Leadership and the Future of Nigeria

The failure of leaders, especially at the formal sphere has increased the relevance of ethnic leaders, militants and primordial warlords.  Of course, the masses themselves live as if under a spell.  Disappointed by regime after regime, government after government and leader after leader, they give obedience on the surface, more to avoid oppression and death than out of loyalty, love and patriotism.  Their souls have been so mangled and corrupted that they have nothing but cynicism and disregard for the state, the custodians of power and state policies.  They have adopted coping and survival mechanisms to make it through the confusion and uncertainty in which they find themselves. To get any service from government agencies, they first prepare the bribe, then the required fee.  They know that if they do not do so, there is no chance on earth that they would get any service: job applications, national passport, driver’s licence, import licence, building permit, vehicle licence, tax clearance, national ID card, you name it.
Many have retreated into community, ethnic, religious and other demonic and occultic enclaves as they hope endlessly for political rationality, sensitive leadership, and adequate democratic spaces in which to survive.  In other instances, Nigerians abuse the name of God as the Almighty is invoked at the slightest opportunity even while perpetrating evil against individuals, community and the entire nation.  A few have designed ways to use religion, especially Christianity to get rich and further impoverish the already poor.  It is no wonder that one can find twenty branches of the same church or denomination worshipping the same God on a single street in most of our major cities!  Only recently have some church leaders come to declare that fasting and prayers can not change Nigeria.  In large measure, where is the leadership from the religious leaders?  It is not enough to speak after every religious clash.  Prevention is better than lamentation!
The “elasticity of hope” in Nigeria is just incredible.  In spite of the rascality, corruption, arrogance, insensitivity and socio-economic violence unleashed on the majority by the minority power-elite, a revolution has not taken place even if anger and disillusionment often result to pockets of open resistance.  Hope is almost becoming the opium of the Nigerian: e go beta, God dey, “tomorrow will be better”, “when my child grows up I will eat my share of the cake” are used to rationalise tolerance for bad leadership, corruption and bad governance!


So, in conclusion, what brand of leaders do we need in Nigeria?  No one can deny the positive value of good leadership to a family, business, community, or nation. Even religious bodies and NGOs cannot thrive without good leadership. This is because good, accountable, efficient, effective, sensitive and God-fearing leadership brings hope, courage, peace, and encourages productivity, creativity and innovation.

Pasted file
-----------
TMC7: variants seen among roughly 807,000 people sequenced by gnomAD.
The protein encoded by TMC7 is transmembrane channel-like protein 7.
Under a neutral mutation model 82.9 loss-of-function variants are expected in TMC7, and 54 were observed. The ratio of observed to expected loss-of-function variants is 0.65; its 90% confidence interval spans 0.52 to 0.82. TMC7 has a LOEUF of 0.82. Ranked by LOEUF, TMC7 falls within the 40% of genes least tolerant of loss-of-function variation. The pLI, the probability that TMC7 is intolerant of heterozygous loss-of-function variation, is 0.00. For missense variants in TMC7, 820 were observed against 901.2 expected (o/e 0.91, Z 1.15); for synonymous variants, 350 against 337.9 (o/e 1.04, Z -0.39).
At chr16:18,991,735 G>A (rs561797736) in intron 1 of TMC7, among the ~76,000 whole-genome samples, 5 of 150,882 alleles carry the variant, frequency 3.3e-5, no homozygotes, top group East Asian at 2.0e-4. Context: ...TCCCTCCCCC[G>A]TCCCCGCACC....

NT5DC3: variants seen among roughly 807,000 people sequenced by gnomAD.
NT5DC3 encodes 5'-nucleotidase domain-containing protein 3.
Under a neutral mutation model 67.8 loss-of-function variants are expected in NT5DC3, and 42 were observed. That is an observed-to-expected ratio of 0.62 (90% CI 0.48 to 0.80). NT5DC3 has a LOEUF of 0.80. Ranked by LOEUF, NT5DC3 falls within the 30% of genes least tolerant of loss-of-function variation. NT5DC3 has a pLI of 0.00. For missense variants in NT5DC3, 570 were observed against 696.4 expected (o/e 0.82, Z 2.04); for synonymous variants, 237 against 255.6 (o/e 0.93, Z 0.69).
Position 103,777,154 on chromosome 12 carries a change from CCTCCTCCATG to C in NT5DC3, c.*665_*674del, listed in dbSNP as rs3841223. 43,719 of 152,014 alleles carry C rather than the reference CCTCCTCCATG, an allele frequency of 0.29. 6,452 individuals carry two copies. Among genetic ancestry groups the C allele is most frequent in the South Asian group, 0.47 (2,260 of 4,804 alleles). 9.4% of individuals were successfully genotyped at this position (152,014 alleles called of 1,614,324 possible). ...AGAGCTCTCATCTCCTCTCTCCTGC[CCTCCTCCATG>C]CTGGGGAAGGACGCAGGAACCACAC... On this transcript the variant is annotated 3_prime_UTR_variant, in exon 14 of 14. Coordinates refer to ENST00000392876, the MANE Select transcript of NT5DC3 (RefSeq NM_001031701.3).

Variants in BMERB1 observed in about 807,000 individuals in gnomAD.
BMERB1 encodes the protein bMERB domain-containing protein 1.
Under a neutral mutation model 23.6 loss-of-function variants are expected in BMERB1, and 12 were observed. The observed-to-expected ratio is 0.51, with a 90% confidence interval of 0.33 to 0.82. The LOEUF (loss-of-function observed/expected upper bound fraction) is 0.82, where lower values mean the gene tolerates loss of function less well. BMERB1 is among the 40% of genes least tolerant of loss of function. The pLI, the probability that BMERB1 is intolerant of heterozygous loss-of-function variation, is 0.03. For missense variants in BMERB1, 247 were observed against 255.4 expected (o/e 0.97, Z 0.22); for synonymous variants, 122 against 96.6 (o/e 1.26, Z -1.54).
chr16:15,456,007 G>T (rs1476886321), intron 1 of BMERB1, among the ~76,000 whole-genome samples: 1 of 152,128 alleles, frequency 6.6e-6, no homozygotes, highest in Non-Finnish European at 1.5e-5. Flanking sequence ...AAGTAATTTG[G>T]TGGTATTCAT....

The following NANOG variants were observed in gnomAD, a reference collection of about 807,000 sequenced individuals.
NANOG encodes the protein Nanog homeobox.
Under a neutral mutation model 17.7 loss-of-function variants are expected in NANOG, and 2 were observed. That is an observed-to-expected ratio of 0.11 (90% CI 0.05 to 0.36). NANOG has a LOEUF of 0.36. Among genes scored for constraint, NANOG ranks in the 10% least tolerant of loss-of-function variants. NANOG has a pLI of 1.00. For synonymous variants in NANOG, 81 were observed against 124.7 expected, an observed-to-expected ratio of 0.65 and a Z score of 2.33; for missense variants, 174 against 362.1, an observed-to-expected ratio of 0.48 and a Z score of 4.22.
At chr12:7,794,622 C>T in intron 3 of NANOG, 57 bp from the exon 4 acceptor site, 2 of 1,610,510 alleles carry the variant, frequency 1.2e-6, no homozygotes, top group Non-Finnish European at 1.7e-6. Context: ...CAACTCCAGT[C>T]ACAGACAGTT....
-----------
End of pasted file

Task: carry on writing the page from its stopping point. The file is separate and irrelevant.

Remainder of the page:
Good leadership builds bridges and bonds of tolerance, inclusion, pluralism, love, friendship and partnership.  Good leadership helps people to bear the pains of setbacks while inspiring the generality to reach the highest points of their productive and creative abilities.  Good leadership is pro-people especially the youth, women and physically challenged.  It is pro-community, pro-environmental protection, pro-social justice, pro-accountability, and pro-democratic in disposition. We have lived through all brands of leadership in Nigeria and we all know the opposite of good leadership.  The consequences, pains, frustrations and embarrassment of bad leadership, at times quite demonic in manifestation, are there for all to see.  This means that we cannot afford to continue to test the waters, give another chance to known crooks, accommodate incompetence, experiment with perpetual underachievers, tolerate persons that have no respect for the people and communities, consider persons with no democratic credentials, and give room, by acts of omission or commission to toy with our present and future again.  We must remember, as one young African leader put it recently, that “one year of bad leadership can take us back ten to twenty years. In other words, one year of bad leadership can contaminate and destroy ten solid years of progress.”
Distinguished Ladies and Gentlemen, the leaders that we choose at all levels and sectors must not be those that will undermine democracy, terrorise society, loot the treasury, build their own mansions and keep their own children abroad while making life hell on earth for the majority.  We must pick leaders that value education, industrialization, infrastructural development, capacity building, and information and communication technology. We must pick leaders that understand globalization and glocalization; leaders that know the value of environmental protection, and understand that health is wealth. We must, set the local, sub-structural and internal facilities, policies and programmes in place appropriately and investors will come on their own rather than daily runs around the globe at huge public cost in search of investors that we never see.  Once we restructure our society, strengthen structures of accountability and service delivery, have the right leaders in place, feed and employ our people, we would have fully re-branded our country.  Tourists and investors would come on their own or with little motivation.